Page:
This glitch in the model was first observed two decades ago at the Brookhaven National Laboratory (BNL), but the latest experiment's aim was to determine if muons really were behaving in an unexpected manner, or if the original BNL experiment was flawed in some way.

The experiment confirmed the anomaly detected by BNL, which strongly suggests that something currently unknown to us is influencing the magnetic field of muons in ways that are not accounted for by the Standard Model.

While the scientific amongst us would conclude that this hints at a new and unexplained exotic branch of physics - perhaps in the form of an undiscovered particle or forces, those with a more spiritual bent see this unexpected behaviour as possible proof of a God or spiritual energy of some kind.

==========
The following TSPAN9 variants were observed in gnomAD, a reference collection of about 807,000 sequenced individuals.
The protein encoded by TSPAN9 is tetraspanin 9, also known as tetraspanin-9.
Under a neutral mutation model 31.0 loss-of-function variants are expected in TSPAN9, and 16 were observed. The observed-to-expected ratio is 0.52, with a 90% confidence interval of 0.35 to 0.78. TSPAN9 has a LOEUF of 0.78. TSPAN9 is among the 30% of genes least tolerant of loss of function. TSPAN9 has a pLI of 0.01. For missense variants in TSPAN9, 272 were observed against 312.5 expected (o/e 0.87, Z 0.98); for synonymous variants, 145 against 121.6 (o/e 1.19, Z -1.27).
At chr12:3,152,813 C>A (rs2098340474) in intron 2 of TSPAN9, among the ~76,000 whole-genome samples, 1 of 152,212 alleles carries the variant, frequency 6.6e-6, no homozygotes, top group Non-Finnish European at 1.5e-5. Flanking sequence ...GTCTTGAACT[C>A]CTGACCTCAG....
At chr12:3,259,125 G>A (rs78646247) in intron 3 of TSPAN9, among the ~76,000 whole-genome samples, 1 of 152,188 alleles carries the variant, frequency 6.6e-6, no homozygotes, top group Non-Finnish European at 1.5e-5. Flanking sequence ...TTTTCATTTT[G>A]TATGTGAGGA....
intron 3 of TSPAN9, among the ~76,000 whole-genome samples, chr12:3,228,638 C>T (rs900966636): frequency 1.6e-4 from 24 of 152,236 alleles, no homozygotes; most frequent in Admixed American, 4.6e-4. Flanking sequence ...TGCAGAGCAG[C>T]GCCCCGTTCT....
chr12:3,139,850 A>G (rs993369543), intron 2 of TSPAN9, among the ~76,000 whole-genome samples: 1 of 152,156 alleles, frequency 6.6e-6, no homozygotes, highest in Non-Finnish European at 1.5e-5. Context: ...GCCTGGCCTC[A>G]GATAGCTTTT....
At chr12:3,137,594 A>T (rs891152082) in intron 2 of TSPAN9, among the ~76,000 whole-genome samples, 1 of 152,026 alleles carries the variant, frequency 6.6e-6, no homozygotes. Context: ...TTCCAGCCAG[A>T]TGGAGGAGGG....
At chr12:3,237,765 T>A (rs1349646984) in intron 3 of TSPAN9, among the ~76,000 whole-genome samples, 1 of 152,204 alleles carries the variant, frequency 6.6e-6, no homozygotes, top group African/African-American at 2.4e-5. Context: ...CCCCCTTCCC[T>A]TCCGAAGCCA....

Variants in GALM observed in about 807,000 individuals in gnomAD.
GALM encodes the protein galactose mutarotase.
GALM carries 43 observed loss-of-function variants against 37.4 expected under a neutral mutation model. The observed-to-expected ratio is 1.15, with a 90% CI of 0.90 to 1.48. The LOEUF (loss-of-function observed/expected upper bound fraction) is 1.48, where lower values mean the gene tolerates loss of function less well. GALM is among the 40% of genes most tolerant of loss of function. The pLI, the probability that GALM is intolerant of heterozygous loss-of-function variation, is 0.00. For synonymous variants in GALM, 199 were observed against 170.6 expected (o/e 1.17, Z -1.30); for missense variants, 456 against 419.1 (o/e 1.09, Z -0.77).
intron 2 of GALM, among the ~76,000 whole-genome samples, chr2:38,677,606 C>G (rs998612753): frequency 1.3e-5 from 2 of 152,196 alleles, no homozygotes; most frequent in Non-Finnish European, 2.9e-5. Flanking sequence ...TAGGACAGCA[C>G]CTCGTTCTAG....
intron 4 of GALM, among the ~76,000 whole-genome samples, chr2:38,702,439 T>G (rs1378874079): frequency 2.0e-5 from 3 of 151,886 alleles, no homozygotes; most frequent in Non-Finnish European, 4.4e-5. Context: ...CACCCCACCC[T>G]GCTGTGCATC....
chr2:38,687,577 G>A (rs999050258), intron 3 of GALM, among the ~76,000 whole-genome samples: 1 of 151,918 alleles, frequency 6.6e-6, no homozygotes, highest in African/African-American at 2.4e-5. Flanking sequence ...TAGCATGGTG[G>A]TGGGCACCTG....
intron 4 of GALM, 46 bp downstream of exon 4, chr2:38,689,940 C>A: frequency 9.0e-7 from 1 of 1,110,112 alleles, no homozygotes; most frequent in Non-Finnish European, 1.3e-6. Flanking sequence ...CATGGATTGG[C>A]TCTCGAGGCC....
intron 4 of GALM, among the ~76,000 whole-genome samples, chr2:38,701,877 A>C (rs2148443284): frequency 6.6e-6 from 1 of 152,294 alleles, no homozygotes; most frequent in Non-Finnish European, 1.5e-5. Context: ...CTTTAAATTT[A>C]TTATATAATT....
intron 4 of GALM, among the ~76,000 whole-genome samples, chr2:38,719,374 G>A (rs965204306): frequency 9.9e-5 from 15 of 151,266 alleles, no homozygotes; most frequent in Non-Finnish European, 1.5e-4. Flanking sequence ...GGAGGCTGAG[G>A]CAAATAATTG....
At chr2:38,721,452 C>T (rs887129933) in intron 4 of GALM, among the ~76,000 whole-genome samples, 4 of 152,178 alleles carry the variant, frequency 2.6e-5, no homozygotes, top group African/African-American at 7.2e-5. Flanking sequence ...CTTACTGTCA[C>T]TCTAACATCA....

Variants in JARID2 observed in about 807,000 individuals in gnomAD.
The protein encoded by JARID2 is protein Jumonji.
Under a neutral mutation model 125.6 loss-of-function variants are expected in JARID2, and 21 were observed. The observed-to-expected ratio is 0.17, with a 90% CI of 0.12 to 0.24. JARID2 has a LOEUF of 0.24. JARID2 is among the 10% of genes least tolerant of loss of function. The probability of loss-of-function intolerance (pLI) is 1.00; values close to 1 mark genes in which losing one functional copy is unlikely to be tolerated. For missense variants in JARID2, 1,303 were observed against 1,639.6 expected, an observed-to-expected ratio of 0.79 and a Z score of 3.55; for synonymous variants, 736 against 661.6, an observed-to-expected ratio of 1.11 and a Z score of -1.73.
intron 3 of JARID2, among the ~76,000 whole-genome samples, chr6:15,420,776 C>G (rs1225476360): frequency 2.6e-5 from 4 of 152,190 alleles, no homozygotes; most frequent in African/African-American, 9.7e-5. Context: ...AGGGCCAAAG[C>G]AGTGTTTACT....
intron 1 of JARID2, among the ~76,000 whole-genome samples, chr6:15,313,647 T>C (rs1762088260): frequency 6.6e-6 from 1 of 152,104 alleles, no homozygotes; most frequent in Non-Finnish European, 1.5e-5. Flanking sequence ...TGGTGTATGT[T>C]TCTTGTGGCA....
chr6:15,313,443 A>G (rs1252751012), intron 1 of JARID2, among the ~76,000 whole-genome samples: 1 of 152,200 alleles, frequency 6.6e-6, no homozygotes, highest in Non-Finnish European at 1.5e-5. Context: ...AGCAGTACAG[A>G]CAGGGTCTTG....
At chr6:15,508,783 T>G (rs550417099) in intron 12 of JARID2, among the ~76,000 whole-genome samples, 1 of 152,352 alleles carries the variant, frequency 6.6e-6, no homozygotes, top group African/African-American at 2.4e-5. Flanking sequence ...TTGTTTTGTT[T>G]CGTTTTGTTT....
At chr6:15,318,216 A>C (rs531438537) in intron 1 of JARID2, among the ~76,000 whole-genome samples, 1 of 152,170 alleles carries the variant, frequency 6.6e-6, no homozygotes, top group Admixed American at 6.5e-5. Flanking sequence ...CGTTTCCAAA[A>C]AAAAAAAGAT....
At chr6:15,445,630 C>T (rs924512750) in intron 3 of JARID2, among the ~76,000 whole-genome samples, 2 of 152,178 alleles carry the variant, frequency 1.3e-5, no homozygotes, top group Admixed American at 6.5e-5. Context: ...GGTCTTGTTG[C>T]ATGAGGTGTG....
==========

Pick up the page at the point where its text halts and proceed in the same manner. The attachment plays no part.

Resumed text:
Although some ghost hunters put their faith in unproven ghost hunting gadgets, there's currently no scientific way to measure paranormal phenomenon. Ghost hunters often talk about 'energy' that causes an apparition to form or allows a poltergeist to be mischievous, but according to our current understanding of the universe, this energy doesn't exist.

Physicist Brian Cox famously explained why he thinks ghosts don't exist. He said, "if there's some kind of substance that's driving our bodies, making my arms move and legs move, then it must interact with the particles out of which our bodies are made. And seeing as we've made high precision measurements of the ways that particles interact, then my assertion is there can be no such thing as an energy source that's driving our bodies."